As we head into April and street sweepers clean up the sandy edges of streets newly exposed from underneath winter’s ice, there is a lot more than sand that’s left behind. Plastic bags, pet waste, snack wrappers and aluminum cans emerge from the melting snow in a less pretty way than “surprise candles” where gems and jewels emerge as your candle melts.

This is one of the less lovely aspects of spring in Maine. Much of the debris that’s left behind is not intentional, but rather the result of wind blowing items out of a curbside recycling bin or out of the top of a public trash can. Nonetheless, there is a substantial amount of cleanup to be done.

The connection to the coast is that, without picking up these shoreside items, they find their way into coastal waters. This is particularly true when the snow melts and spring rains come. The majority of designated coastal clean-up efforts happen in the fall. But, perhaps it is time to introduce a new element of spring cleaning — a spring coastal clean-up, except not on the coast. This is an opportunity to do a preventative cleaning that can make a big impact without having to get to the hard-to-reach places along the coast where it may eventually end up.

“Marine debris” is a catch-all term for the stuff of all sorts that ends up in the water and along the shore. It can come from the land or from out on the water and take on many forms from the tiny bits of plastic called microplastics that have gotten a lot of attention of late because of their impacts on wildlife that ingest and are harmed by them to giant plastic tubs that blow off a pier or from a park into the water and turn into floating rafts that may take on living passengers of the plant and animal variety.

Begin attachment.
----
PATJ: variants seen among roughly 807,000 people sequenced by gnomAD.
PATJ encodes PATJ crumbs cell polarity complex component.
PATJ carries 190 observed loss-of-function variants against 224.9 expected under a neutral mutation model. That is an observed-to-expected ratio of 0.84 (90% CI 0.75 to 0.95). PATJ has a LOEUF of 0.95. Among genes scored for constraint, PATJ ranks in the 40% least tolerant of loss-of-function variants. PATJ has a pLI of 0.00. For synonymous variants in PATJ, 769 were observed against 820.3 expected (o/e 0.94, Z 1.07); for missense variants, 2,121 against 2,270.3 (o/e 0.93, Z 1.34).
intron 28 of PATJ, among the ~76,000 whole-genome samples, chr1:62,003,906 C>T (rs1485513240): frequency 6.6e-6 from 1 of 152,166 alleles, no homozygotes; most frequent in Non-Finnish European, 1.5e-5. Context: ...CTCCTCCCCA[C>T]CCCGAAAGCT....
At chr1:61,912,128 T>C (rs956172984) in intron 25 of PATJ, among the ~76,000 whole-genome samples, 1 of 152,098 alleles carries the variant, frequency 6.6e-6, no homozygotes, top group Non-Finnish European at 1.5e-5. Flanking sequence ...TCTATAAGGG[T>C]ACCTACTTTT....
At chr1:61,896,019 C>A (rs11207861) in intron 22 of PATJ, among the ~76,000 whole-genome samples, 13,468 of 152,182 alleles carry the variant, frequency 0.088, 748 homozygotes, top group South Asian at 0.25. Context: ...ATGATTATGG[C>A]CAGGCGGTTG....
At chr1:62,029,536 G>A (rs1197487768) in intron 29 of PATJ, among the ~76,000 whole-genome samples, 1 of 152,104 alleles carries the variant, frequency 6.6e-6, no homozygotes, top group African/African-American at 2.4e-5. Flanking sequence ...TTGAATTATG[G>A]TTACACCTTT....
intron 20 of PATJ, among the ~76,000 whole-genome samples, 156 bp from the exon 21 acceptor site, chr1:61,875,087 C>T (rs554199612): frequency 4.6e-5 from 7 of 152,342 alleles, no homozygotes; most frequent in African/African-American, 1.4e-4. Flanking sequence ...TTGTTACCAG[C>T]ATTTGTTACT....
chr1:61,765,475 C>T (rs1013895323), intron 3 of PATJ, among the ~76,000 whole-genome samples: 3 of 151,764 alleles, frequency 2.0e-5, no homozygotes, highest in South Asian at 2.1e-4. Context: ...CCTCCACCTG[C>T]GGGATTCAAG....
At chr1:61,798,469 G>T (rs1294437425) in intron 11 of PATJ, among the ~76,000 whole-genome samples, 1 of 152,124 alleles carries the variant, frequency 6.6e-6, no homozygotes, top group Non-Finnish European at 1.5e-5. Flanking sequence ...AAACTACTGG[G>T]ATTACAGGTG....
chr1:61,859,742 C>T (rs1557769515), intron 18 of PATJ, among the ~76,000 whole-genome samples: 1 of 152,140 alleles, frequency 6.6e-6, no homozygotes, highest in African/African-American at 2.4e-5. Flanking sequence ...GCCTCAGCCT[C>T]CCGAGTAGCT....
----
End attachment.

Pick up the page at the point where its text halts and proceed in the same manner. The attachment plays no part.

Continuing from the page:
Getting to the trash once it is in the water is complicated and often involves sophisticated machinery or volunteer underwater divers. But, picking it up at the end of your street is pretty easy.

In Maine, as in other places of the world, there are large coastal clean-ups in the fall. The International Coastal Clean-up, a project of the Ocean Conservancy, a D.C.based nonprofit where I worked for a number of years, is a worldwide effort that happens every year in September. Maine takes it a step further and dedicates an entire week to the effort called “Coast Week.”


Doing a clean-up like this in the fall is a kind of book-end to the summer and a way to tidy up after a lot of activity on the coast. Both Maine’s effort, as well as the International efforts, involve armies of volunteers including schools and community groups that make a big difference.

There is more information on both of these clean-ups at and  There are plenty of local organizations that also prioritize keeping the shores and waters clean like the Maine Island Trail Association (MITA), Friends of Casco Bay (FOCB) and OceansWide. All of these are great places to connect with to find out how you can be involved.

In the meantime, while doing spring yard work or maybe just on a walk down your street, take the time to pick up that piece of trash you notice every time you walk past it. Or, if you’re a jogger, join the latest trend in Sweden, “plogging.” It’s a combination of “jogging” and the Swedish phrase “plocka upp,” which means “picking up.” There’s even a website,, where you can connect with fellow ploggers around the world.

So, happy plogging and “coastal” cleaning up this spring. A little effort makes a big difference to nearby shores and waters.

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